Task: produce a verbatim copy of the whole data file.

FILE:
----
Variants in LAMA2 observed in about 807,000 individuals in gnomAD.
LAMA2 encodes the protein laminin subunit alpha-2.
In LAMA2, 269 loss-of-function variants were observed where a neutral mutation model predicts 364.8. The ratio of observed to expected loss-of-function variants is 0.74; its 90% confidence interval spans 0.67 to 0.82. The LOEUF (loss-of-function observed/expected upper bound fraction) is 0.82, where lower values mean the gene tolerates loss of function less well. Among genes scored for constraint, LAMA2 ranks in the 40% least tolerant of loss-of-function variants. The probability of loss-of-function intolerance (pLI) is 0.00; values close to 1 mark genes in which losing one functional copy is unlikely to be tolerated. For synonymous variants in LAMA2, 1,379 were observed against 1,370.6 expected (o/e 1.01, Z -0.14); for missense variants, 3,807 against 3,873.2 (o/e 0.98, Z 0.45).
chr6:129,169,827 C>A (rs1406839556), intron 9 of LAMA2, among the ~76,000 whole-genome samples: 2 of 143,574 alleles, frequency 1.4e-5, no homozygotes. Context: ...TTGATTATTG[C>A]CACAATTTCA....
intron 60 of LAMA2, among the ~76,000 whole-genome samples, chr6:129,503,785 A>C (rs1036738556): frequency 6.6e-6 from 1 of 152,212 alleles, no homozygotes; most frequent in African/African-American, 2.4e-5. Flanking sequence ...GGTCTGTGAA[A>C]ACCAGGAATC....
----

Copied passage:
Variants in LAMA2 observed in about 807,000 individuals in gnomAD.
LAMA2 encodes the protein laminin subunit alpha-2.
In LAMA2, 269 loss-of-function variants were observed where a neutral mutation model predicts 364.8. The ratio of observed to expected loss-of-function variants is 0.74; its 90% confidence interval spans 0.67 to 0.82. The LOEUF (loss-of-function observed/expected upper bound fraction) is 0.82, where lower values mean the gene tolerates loss of function less well. Among genes scored for constraint, LAMA2 ranks in the 40% least tolerant of loss-of-function variants. The probability of loss-of-function intolerance (pLI) is 0.00; values close to 1 mark genes in which losing one functional copy is unlikely to be tolerated. For synonymous variants in LAMA2, 1,379 were observed against 1,370.6 expected (o/e 1.01, Z -0.14); for missense variants, 3,807 against 3,873.2 (o/e 0.98, Z 0.45).
chr6:129,169,827 C>A (rs1406839556), intron 9 of LAMA2, among the ~76,000 whole-genome samples: 2 of 143,574 alleles, frequency 1.4e-5, no homozygotes. Context: ...TTGATTATTG[C>A]CACAATTTCA....
intron 60 of LAMA2, among the ~76,000 whole-genome samples, chr6:129,503,785 A>C (rs1036738556): frequency 6.6e-6 from 1 of 152,212 alleles, no homozygotes; most frequent in African/African-American, 2.4e-5. Flanking sequence ...GGTCTGTGAA[A>C]ACCAGGAATC....